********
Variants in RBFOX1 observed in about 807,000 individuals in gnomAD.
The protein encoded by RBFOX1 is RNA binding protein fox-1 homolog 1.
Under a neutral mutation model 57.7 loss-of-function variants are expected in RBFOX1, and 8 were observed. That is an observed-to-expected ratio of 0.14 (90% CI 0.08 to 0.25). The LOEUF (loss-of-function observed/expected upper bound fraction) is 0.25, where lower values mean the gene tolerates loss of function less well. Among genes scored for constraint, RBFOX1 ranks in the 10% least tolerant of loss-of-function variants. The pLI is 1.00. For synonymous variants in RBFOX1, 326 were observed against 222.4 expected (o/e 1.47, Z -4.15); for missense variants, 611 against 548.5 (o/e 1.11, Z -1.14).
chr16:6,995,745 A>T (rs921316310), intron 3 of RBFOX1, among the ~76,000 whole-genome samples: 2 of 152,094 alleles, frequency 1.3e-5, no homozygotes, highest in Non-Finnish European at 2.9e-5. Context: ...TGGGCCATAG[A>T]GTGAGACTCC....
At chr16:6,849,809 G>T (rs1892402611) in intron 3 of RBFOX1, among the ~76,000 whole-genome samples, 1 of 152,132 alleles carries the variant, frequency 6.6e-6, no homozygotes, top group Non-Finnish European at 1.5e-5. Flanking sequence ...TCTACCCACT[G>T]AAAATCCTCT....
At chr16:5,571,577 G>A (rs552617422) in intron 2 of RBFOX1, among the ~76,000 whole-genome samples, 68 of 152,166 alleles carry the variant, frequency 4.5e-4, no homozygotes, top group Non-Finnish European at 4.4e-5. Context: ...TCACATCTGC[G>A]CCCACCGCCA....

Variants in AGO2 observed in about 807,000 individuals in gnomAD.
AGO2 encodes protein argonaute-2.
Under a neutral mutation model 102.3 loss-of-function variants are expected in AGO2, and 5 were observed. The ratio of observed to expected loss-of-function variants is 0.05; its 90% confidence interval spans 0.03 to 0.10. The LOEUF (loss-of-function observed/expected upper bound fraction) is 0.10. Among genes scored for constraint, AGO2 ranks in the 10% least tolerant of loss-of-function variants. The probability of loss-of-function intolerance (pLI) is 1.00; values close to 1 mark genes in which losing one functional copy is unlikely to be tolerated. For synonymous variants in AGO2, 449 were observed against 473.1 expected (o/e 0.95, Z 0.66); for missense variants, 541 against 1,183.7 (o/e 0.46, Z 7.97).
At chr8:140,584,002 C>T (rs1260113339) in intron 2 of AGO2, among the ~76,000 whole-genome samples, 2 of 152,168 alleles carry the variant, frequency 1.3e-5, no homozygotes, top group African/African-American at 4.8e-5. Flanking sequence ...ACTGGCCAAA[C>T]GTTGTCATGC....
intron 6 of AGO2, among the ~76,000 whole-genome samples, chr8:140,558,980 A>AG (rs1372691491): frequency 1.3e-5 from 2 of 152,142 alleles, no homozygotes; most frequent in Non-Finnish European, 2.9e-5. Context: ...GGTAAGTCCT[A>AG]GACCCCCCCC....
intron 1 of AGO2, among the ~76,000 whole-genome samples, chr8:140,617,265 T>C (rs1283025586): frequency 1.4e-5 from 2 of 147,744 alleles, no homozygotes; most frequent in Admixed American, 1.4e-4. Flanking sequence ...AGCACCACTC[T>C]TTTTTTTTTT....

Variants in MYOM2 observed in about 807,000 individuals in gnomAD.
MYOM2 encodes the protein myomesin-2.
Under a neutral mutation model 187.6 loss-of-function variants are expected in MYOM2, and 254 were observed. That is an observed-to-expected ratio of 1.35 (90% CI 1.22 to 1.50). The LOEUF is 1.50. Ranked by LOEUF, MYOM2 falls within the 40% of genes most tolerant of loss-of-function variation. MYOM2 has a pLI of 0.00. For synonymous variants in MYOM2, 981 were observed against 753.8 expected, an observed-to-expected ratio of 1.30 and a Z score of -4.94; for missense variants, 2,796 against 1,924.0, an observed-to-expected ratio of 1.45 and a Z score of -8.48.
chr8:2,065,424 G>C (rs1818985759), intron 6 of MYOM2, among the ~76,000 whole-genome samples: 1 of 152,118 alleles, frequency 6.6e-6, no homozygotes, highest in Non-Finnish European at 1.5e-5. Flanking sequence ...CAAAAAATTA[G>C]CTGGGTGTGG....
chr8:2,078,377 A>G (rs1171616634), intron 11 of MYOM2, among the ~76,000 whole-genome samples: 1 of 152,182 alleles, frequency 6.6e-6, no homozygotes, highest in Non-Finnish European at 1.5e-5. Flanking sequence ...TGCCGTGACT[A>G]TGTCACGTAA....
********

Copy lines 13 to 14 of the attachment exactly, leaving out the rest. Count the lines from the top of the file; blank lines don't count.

Variants in MYOM2 observed in about 807,000 individuals in gnomAD.
MYOM2 encodes the protein myomesin-2.